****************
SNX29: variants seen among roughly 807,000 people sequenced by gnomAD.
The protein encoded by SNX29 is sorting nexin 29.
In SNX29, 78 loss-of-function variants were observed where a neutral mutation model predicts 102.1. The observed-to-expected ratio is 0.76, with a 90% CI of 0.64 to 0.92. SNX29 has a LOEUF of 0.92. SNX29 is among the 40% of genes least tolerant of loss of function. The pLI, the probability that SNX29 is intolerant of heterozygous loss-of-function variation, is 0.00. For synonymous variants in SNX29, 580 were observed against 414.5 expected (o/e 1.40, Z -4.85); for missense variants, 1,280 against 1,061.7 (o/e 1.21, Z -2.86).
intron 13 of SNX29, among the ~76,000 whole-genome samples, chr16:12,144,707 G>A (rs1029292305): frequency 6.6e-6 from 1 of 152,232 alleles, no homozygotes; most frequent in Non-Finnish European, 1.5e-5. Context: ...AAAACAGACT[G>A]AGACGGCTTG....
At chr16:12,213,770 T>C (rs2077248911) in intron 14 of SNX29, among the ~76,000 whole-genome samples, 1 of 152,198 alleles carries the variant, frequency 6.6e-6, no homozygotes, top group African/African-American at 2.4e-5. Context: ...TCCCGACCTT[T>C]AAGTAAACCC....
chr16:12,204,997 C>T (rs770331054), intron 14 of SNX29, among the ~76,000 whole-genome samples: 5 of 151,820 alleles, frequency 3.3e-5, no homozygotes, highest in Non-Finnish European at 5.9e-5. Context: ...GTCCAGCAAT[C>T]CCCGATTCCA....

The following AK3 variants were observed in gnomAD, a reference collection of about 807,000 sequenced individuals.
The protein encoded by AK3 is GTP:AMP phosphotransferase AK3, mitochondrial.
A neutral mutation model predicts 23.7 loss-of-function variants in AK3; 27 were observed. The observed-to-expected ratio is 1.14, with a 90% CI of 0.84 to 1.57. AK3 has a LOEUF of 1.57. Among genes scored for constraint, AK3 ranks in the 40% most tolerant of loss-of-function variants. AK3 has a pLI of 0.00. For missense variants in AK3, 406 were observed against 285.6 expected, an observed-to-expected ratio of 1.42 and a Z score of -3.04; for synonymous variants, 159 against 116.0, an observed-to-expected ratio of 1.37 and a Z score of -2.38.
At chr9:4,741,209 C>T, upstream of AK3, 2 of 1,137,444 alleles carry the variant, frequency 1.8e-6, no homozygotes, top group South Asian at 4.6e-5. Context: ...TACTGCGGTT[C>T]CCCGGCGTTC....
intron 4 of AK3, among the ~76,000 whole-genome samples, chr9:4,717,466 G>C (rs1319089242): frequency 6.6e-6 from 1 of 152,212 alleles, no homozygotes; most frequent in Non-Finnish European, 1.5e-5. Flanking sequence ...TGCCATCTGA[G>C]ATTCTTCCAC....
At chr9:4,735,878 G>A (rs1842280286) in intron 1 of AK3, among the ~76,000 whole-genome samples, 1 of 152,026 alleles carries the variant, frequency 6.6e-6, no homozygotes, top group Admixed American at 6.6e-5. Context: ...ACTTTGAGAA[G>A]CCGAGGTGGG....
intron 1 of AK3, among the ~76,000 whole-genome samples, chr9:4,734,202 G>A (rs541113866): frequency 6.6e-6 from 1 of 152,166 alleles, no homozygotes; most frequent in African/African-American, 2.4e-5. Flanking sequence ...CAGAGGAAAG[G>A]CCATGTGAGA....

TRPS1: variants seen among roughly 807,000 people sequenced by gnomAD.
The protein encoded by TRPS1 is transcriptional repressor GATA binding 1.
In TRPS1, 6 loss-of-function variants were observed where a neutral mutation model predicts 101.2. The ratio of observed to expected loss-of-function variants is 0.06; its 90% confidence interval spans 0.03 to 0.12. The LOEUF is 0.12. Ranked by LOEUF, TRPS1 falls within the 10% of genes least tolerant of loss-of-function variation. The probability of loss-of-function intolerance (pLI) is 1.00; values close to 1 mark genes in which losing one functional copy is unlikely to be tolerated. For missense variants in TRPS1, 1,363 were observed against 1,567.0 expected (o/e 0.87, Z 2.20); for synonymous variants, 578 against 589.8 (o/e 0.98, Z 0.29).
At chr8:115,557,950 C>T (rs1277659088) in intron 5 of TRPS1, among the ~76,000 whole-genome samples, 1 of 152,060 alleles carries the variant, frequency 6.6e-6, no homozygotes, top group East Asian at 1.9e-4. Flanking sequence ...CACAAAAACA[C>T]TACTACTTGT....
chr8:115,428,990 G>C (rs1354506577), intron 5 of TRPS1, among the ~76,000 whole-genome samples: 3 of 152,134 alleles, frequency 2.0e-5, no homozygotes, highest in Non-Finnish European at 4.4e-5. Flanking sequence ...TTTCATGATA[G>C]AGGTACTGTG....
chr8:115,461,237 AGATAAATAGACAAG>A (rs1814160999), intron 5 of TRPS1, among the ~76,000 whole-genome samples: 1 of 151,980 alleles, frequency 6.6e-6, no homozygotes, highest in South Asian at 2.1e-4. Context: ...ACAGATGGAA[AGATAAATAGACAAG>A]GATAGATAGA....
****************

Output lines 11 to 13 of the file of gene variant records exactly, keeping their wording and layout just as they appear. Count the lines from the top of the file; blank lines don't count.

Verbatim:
intron 4 of AK3, among the ~76,000 whole-genome samples, chr9:4,717,466 G>C (rs1319089242): frequency 6.6e-6 from 1 of 152,212 alleles, no homozygotes; most frequent in Non-Finnish European, 1.5e-5. Flanking sequence ...TGCCATCTGA[G>C]ATTCTTCCAC....
At chr9:4,735,878 G>A (rs1842280286) in intron 1 of AK3, among the ~76,000 whole-genome samples, 1 of 152,026 alleles carries the variant, frequency 6.6e-6, no homozygotes, top group Admixed American at 6.6e-5. Context: ...ACTTTGAGAA[G>A]CCGAGGTGGG....
intron 1 of AK3, among the ~76,000 whole-genome samples, chr9:4,734,202 G>A (rs541113866): frequency 6.6e-6 from 1 of 152,166 alleles, no homozygotes; most frequent in African/African-American, 2.4e-5. Flanking sequence ...CAGAGGAAAG[G>A]CCATGTGAGA....